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Some patients will benefit more than others from taking statins because of their genetic makeup, a new study suggests.

US research found patients with two common genetic polymorphisms experienced a smaller than normal reduction in cholesterol after statin treatment.

The authors said their findings provided strong clinical evidence for 'personalised medicine' and the use of genetic screening to target certain therapies in the future.

In the study, published in the Journal of the American Medical Association last month, 1,536 patients received 40mg pravastatin per day. Researchers analysed blood samples for 148 single-nucleotide polymorphisms within 10 candidate genes related to lipid metabolism.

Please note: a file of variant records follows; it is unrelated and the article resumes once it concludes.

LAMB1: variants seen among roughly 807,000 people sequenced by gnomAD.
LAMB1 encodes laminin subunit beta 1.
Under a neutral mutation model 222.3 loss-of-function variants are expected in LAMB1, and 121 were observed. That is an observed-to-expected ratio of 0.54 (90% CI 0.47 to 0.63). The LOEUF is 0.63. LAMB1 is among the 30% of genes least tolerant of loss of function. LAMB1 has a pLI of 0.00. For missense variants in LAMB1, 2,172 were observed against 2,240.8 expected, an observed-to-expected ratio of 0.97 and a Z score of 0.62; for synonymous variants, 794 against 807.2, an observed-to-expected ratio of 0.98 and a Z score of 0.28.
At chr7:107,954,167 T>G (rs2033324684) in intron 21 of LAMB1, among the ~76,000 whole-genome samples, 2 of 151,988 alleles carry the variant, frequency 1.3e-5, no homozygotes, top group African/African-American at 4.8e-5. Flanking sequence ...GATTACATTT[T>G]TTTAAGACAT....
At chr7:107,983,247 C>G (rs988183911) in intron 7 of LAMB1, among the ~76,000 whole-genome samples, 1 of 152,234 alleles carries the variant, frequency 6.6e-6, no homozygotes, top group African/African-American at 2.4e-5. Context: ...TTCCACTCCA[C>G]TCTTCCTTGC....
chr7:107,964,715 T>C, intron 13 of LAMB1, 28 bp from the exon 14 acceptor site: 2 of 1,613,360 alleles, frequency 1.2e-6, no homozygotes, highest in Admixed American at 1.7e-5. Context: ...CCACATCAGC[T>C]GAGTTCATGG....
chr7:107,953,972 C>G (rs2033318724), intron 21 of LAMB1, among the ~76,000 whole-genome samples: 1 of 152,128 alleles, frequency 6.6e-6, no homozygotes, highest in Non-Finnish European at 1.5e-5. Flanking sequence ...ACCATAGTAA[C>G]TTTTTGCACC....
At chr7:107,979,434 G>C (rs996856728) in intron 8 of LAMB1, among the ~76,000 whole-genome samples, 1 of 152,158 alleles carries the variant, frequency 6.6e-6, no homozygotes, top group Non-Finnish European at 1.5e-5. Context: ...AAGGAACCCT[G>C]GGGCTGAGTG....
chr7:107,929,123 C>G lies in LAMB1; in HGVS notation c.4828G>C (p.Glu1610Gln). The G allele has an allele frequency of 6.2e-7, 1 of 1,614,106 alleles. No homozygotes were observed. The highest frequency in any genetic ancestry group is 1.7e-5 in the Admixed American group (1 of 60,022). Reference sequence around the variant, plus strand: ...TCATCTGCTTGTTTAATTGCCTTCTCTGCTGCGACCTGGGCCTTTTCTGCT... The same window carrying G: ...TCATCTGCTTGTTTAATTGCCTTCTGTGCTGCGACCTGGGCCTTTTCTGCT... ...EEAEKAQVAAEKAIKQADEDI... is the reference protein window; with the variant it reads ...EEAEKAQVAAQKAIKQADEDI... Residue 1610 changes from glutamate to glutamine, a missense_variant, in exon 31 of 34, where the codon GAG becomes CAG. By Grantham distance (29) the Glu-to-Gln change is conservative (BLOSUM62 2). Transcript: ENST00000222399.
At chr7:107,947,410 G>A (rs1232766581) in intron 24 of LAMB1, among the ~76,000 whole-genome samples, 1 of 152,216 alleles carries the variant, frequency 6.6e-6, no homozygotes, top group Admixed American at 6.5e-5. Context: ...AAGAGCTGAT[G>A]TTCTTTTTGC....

After 24 weeks of treatment total cholesterol levels fell, but the size of the reduction was 22 per cent smaller in patients with two closely linked polymorphisms in the HMG-CoA reductase gene. The fall in

levels of LDL cholesterol was 19 per cent smaller.

Lead author Dr David Chasman of Harvard Medical School said the difference in effects was 'large enough to

affect health on a population basis' but could be offset by dose adjustment or use of an alternative non-statin lipid-lowering therapy.

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